In the heat of that Alabama summer day that he began this detail, I put myself in charge of sweet iced tea duty. As I brewed the tea, D came running in, yelling, "I found a ground rattler! Give me a jar!" Umm, whuh?!
Quickly I ran behind him to caution him regarding touching the snake, discuss relocation (which I did not plan for him to handle), and negate whatever overweening sense of boyish adventure was happening out there. The lawn's owner was excited, too.
Leaning over to gaze at the bed of canna lily roots where the little brown snake sat surprised and confused, I said these things:
NO, you may not touch him.
Yes, I will gather him for you.
I am not promising that you may keep him.
Let's do a little investigation.
What we found is that this particular snake was a DeKay Brown Snake. DeKay's are native to Alabama but in constant danger, if discovered, because folks tend to identify them as "ground rattlers," quickly hoeing them to death as the dangerous offspring of venomous adults. My personal feeling is that snakes serve an important role in their ecosystems and that they should be left alone whenever possible, but--after careful consideration--we decided that this little fellow might be happy living with me. I confirmed this supposition by calling a biology professor/snake afficionado friend of mine who was excited to see the little fellow.
My nephew beamed throughout the day, and we had a great time purchasing habitat and accoutrements for his new friend. Naming his snake IDK (I Don't Know) jokingly, D set about to make this little fellow as comfortable as possible.
Little is known about DeKay's as they tend to keep to themselves, are hard to spot, are often killed when spotted, and are infrequently observed. What we discovered is that they love to eat slugs but will accept earthworms. Once a week, D provides a couple of lil slugs or a large one, and these he collects from beneath my birdbath, flower pots, and other slug-friendly shelters. In the winter or other times when slugs are harder to come by, he harvests a small earthworm from my organic garden worm bins. We sometimes feel pretty sad about that since those worms are like pets, too.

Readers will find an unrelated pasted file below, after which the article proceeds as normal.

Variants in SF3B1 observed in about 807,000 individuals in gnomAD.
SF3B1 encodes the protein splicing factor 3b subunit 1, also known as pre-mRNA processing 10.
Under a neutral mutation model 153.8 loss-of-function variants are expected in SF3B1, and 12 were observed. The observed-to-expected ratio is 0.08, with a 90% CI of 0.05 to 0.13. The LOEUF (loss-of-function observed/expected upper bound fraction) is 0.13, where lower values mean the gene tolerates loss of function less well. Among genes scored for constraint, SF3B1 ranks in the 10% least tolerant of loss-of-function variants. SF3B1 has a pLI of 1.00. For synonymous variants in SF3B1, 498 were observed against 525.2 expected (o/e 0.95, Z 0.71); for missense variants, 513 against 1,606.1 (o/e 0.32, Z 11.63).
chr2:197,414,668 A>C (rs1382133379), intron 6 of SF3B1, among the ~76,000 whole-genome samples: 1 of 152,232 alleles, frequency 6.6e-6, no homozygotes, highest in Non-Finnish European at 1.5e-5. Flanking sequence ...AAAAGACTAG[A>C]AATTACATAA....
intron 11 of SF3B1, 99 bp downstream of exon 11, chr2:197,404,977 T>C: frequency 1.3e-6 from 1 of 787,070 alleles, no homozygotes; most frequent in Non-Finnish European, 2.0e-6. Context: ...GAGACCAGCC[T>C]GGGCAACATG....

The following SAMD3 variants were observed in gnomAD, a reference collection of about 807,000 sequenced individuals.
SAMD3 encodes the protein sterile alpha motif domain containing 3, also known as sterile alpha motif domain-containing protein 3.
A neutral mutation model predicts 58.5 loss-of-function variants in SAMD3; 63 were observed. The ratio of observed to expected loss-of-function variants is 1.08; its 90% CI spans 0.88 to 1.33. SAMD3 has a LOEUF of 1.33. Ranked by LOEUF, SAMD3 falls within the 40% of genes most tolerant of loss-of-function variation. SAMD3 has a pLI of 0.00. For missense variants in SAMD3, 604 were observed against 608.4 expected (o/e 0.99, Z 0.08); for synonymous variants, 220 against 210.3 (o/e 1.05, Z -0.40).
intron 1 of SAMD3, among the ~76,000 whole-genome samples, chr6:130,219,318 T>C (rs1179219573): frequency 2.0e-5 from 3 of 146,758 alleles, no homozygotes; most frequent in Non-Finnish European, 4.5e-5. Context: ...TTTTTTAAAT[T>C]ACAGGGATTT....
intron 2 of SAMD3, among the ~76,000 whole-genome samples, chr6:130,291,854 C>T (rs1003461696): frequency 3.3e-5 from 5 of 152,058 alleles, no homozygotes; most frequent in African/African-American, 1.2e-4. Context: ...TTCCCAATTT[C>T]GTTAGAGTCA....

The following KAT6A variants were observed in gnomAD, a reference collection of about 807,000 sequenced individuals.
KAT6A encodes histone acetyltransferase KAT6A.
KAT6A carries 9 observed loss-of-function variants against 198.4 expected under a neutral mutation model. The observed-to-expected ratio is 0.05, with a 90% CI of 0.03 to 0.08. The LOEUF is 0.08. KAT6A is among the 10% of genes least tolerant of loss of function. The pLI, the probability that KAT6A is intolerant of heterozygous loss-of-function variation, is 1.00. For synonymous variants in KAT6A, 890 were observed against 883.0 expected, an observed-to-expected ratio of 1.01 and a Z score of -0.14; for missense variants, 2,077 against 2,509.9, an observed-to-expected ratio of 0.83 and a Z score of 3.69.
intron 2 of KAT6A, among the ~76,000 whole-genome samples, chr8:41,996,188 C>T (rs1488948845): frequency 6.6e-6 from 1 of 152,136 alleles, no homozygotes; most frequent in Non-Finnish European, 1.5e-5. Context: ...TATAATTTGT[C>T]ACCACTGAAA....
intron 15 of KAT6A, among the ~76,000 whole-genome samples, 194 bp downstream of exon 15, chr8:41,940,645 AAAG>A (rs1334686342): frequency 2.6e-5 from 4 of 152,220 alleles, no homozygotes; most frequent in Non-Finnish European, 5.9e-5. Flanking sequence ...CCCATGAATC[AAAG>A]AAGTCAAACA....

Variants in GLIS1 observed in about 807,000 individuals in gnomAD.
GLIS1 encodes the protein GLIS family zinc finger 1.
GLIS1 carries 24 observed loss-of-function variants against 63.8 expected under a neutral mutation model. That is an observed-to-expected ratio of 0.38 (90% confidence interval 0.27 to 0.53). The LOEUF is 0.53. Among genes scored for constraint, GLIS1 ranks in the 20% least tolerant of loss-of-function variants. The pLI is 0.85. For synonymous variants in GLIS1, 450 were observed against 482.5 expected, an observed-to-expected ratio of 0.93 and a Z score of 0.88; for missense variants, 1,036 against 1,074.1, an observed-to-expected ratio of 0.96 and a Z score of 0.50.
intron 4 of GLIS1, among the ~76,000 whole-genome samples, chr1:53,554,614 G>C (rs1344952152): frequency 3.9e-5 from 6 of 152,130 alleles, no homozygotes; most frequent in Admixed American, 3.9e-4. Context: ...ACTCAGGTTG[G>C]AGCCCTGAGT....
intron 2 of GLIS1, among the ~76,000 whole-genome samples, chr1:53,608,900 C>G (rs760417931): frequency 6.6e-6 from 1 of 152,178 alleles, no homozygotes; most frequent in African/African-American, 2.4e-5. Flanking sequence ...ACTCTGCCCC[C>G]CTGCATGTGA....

D keeps IDK's habitat clean and comfortable with a substrate of natural components taken from the very types of moist forest area where he was found. Included are soil, pebbles, a log, and other items for shelter. His prime habitat temperature seems to be about 80 degrees Fahrenheit.
IDK is a surprisingly good-natured pet. Full grown, he is only 18 inches long, very narrow, extremely attractive, and friendly, crawling into D's hand whenever D offers it.
Before taking IDK out of his natural habitat, D and I determined that DeKay's Brown Snakes are neither endangered nor protected creatures. While I have heard that pet stores in the region do carry these from time to time, I feel it necessary to warn folks not to collect snakes for themselves routinely. Some snakes will behave aggressively and others will be endangered by their removal from nature..
From Nolaerus Feb 20 2014 12:47PM
To Tempt Fussy, Insect-Eating Snakes
Silkworms are available in a wide array of sizes, with hatchlings small enough to be taken by the tiniest insectivorous snakes. They grow rapidly on a commercial diet and are an excellent food for rough and smooth green snakes and other caterpillar specialists..
From findiviglio 365 days ago